An on-line journal of articles and musings forbidden by the mainstream media.
Saturday, February 18, 2012
Ten-Year-Old Gives Birth in Puebla, Mexico, the Home of 90 Percent of New York City’s Mexicans
I searched in vain for a follow-up to this story, to learn if the Puebla state Attorney General's Office had determined if the girl had been raped which, given that this is Mexico we’re talking about, is highly likely.
You know what they say: In Mexico today; in New York, California, Texas, and Arizona tomorrow. And Illinois, New Jersey, Utah, Florida…
A 10-year-old Mexican girl has given birth to a baby boy after a 31-week pregnancy, according to reports.
The premature infant, which weighed 3.3 pounds, was born by Caesarian section at the Women’s Hospital in the city of Puebla and is in the intensive care unit recovering from pneumonia.
The young mother, who is from the nearby San Francisco Totimehuacan community, has returned home after the procedure but visits the baby every day to breastfeed, officials said.
The Puebla state Attorney General's Office is now investigating whether the girl could have been raped and who the father is, the hospital’s director Rogelio Gonzalez said, according to UpFrontNewswire.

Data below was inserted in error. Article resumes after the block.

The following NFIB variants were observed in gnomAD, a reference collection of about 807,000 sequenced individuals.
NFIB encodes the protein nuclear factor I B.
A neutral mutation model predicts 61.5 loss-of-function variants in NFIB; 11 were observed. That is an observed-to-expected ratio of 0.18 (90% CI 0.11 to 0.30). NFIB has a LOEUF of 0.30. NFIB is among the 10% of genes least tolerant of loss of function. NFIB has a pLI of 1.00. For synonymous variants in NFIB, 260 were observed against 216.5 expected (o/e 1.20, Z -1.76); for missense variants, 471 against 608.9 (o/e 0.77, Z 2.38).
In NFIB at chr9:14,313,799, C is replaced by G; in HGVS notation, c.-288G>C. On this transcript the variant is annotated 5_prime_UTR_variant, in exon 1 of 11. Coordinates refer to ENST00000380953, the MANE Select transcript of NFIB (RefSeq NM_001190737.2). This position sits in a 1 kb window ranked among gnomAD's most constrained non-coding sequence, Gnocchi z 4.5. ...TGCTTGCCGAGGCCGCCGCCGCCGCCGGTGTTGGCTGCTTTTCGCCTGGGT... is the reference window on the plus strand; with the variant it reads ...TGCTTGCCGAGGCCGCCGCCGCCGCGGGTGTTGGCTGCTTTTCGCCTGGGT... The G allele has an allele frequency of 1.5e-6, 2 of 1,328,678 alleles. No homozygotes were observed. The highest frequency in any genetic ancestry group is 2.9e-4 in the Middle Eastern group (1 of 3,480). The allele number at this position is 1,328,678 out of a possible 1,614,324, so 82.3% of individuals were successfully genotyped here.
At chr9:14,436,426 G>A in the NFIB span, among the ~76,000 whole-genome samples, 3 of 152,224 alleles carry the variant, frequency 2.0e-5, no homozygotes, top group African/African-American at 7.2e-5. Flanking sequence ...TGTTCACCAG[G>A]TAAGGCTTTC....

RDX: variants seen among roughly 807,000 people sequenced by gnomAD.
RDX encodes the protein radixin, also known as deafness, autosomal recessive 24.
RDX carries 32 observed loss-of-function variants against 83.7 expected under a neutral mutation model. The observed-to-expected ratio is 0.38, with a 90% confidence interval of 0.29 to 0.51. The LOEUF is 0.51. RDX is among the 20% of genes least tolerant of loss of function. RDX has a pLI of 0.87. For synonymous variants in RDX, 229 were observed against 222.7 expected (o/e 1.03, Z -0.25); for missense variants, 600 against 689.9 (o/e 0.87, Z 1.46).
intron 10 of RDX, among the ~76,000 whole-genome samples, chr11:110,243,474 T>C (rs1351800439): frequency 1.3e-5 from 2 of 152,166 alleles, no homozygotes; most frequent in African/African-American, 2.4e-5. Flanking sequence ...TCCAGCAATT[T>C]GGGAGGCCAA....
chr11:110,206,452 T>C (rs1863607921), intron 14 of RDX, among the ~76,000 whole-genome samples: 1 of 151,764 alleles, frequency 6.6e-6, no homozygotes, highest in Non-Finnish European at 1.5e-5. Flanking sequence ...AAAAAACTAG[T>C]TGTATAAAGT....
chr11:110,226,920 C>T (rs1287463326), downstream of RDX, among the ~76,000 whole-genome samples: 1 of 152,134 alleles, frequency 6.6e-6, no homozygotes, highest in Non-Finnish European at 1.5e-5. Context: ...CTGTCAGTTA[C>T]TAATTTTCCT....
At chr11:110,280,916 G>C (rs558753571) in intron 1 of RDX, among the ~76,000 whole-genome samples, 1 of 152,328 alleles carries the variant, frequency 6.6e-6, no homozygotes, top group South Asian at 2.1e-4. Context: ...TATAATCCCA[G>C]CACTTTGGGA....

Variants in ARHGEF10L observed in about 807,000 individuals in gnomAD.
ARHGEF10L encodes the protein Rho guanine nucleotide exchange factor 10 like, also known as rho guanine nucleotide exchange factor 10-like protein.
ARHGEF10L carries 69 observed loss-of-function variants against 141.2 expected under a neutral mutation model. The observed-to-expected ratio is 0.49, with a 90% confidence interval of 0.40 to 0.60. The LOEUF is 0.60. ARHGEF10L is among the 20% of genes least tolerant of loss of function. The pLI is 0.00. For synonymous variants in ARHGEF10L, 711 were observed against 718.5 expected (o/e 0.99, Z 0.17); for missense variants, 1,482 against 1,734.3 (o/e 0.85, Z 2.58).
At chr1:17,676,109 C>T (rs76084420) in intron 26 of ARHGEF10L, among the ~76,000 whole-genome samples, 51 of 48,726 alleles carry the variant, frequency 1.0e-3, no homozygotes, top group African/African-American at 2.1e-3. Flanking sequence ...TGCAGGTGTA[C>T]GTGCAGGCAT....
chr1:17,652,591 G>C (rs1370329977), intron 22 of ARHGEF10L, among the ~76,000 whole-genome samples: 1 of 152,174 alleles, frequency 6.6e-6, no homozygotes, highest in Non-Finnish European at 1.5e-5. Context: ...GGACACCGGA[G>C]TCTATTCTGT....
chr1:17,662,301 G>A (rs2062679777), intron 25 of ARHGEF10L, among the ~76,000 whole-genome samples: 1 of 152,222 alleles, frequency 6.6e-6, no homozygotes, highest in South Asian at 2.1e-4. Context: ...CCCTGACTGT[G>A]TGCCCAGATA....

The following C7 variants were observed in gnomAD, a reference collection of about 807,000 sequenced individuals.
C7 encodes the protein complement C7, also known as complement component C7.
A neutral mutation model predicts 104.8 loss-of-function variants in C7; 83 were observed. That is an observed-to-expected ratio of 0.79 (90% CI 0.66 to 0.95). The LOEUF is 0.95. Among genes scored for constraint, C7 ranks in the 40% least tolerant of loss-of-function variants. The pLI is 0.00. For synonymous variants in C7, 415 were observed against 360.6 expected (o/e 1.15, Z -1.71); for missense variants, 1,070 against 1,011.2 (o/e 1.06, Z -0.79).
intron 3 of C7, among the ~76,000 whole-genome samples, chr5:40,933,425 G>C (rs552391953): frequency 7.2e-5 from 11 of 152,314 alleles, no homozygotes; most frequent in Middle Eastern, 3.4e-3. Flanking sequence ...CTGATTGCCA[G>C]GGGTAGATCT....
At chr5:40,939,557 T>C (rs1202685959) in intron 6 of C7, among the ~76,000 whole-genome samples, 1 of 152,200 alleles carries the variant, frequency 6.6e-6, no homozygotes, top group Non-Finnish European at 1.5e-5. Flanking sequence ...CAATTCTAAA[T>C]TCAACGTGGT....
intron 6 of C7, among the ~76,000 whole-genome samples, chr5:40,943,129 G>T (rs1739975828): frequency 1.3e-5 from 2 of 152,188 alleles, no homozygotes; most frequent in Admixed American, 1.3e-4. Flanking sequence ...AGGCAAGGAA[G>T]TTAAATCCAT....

KNS: Join staff writer Jamie Satterfield from 11:30 a.m. to 12:30 p.m. on Monday for a moderated chat on knoxnews.com regarding this story. She covers courts for the News Sentinel and was first to report the TBI probe of Baumgartner. She'll try to answer any questions on topic that you may have.]
It turns out Baumgartner asked for the Christian-Newsom case. He wanted to preside over what Nicholas Stix dubbed the Knoxvillle Horror.
The Baumgartner Affair just keeps getting worse, the more you learn. Stix’ tag of “Judge Mischief” still is somewhat accurate, because he did want the case and picked Nashville as the jury pool twice.
By the way, comments for the Knoxville News Sentinel article have been disabled, with at least 95 posted comments sent down the memory hole by the KNS’ house censors. The censorship has pc KNS editor Jack McElroy’s fingerprints all over it.
Jamie Satterfield should finally get the Pulitzer Prize nomination that she should have gotten for her coverage of the Knoxville Horror case.